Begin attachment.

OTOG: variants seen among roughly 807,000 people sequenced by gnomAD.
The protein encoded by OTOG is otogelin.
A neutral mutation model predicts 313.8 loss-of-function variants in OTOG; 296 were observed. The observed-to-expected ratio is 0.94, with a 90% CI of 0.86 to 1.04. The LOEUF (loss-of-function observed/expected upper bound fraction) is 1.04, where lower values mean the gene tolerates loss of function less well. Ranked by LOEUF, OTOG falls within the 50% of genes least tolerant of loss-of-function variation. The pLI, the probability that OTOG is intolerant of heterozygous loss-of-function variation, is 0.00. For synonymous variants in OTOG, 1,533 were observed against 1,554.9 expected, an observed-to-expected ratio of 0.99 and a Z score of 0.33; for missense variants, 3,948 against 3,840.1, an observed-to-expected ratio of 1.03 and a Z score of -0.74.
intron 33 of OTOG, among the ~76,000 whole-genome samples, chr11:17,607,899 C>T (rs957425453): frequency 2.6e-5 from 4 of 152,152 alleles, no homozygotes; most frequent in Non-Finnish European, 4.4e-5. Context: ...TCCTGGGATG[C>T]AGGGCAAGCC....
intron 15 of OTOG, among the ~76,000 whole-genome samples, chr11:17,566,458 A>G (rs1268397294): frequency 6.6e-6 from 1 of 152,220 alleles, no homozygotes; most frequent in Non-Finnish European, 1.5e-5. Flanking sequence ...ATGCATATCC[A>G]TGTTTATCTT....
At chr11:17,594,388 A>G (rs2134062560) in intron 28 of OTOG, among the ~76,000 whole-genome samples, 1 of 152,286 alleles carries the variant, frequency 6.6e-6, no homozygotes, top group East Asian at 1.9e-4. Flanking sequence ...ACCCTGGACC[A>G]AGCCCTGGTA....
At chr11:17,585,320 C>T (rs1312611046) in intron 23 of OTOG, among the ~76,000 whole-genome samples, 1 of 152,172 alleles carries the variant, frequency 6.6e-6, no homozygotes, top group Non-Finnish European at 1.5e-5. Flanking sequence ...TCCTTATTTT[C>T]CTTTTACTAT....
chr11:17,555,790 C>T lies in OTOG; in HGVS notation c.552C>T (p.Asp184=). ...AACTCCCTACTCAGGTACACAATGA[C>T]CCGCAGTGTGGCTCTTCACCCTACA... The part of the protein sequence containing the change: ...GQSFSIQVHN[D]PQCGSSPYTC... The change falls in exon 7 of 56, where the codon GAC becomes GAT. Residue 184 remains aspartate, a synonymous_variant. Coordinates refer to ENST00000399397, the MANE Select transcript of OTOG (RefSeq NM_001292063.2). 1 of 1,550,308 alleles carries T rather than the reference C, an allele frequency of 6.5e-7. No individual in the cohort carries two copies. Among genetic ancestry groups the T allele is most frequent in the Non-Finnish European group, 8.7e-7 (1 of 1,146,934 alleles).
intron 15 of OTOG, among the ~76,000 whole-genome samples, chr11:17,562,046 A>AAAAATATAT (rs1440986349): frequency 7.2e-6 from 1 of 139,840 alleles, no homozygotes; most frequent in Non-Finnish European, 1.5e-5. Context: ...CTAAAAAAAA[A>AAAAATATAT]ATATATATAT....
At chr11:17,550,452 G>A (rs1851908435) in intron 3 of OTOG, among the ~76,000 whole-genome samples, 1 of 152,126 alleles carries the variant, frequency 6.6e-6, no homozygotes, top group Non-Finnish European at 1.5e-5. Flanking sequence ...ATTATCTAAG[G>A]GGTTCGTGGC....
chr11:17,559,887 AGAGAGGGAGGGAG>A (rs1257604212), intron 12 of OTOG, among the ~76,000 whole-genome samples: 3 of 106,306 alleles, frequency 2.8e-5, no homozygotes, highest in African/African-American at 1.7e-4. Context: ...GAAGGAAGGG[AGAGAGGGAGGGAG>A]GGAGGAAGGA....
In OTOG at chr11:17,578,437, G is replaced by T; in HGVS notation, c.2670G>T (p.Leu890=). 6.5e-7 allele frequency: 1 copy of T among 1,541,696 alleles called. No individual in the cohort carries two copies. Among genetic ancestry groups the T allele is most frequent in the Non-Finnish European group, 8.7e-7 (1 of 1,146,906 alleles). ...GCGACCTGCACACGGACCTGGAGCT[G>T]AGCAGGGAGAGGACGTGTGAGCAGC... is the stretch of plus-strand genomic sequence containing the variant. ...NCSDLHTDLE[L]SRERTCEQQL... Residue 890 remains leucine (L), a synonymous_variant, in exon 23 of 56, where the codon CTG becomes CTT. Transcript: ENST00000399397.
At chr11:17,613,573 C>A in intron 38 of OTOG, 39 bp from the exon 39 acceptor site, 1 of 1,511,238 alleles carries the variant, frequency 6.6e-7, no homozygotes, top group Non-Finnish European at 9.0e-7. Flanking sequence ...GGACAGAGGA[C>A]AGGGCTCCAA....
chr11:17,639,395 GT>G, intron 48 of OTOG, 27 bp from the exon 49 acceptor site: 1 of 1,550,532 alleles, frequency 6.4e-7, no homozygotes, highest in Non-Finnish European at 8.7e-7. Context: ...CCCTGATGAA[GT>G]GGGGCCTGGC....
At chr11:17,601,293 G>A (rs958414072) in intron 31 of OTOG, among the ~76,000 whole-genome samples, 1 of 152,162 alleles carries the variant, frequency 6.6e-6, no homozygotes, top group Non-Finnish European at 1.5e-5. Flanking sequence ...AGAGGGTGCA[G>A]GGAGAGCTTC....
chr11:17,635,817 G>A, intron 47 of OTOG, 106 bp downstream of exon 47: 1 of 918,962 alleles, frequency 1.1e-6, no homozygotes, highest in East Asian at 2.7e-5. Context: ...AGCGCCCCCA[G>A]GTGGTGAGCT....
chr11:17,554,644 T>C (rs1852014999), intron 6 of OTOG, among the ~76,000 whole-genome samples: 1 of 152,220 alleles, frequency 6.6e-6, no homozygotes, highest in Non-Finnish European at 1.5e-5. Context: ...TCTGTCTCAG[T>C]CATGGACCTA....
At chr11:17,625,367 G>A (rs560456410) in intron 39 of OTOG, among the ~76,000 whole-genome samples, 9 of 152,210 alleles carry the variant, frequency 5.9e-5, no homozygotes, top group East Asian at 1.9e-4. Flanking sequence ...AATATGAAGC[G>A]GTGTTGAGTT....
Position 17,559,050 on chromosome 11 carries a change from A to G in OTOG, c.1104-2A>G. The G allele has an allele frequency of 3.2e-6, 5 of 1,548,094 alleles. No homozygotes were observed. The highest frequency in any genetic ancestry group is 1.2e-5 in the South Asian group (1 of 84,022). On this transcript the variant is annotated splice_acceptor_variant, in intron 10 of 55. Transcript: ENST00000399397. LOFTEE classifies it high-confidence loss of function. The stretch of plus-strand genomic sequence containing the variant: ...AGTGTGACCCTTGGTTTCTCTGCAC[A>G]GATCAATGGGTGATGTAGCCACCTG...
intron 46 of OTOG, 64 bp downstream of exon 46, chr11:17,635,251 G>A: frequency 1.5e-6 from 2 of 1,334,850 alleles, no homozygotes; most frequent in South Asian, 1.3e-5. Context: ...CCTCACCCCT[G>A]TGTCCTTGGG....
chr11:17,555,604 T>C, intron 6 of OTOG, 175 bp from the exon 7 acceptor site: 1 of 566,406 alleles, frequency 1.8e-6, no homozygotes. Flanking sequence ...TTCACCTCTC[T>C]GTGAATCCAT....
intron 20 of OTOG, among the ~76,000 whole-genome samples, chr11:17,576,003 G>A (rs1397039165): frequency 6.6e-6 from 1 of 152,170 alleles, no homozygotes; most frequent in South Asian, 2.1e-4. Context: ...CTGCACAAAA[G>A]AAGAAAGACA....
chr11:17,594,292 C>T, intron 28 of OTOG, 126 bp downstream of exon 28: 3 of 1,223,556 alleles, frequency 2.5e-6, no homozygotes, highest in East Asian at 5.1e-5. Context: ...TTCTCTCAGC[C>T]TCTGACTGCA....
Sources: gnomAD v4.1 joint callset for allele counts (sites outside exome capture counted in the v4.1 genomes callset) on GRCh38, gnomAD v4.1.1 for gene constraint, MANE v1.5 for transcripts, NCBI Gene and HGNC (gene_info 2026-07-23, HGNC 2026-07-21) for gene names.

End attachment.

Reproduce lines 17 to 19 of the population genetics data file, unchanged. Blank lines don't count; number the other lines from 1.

chr11:17,554,644 T>C (rs1852014999), intron 6 of OTOG, among the ~76,000 whole-genome samples: 1 of 152,220 alleles, frequency 6.6e-6, no homozygotes, highest in Non-Finnish European at 1.5e-5. Context: ...TCTGTCTCAG[T>C]CATGGACCTA....
At chr11:17,625,367 G>A (rs560456410) in intron 39 of OTOG, among the ~76,000 whole-genome samples, 9 of 152,210 alleles carry the variant, frequency 5.9e-5, no homozygotes, top group East Asian at 1.9e-4. Flanking sequence ...AATATGAAGC[G>A]GTGTTGAGTT....
Position 17,559,050 on chromosome 11 carries a change from A to G in OTOG, c.1104-2A>G. The G allele has an allele frequency of 3.2e-6, 5 of 1,548,094 alleles. No homozygotes were observed. The highest frequency in any genetic ancestry group is 1.2e-5 in the South Asian group (1 of 84,022). On this transcript the variant is annotated splice_acceptor_variant, in intron 10 of 55. Transcript: ENST00000399397. LOFTEE classifies it high-confidence loss of function. The stretch of plus-strand genomic sequence containing the variant: ...AGTGTGACCCTTGGTTTCTCTGCAC[A>G]GATCAATGGGTGATGTAGCCACCTG...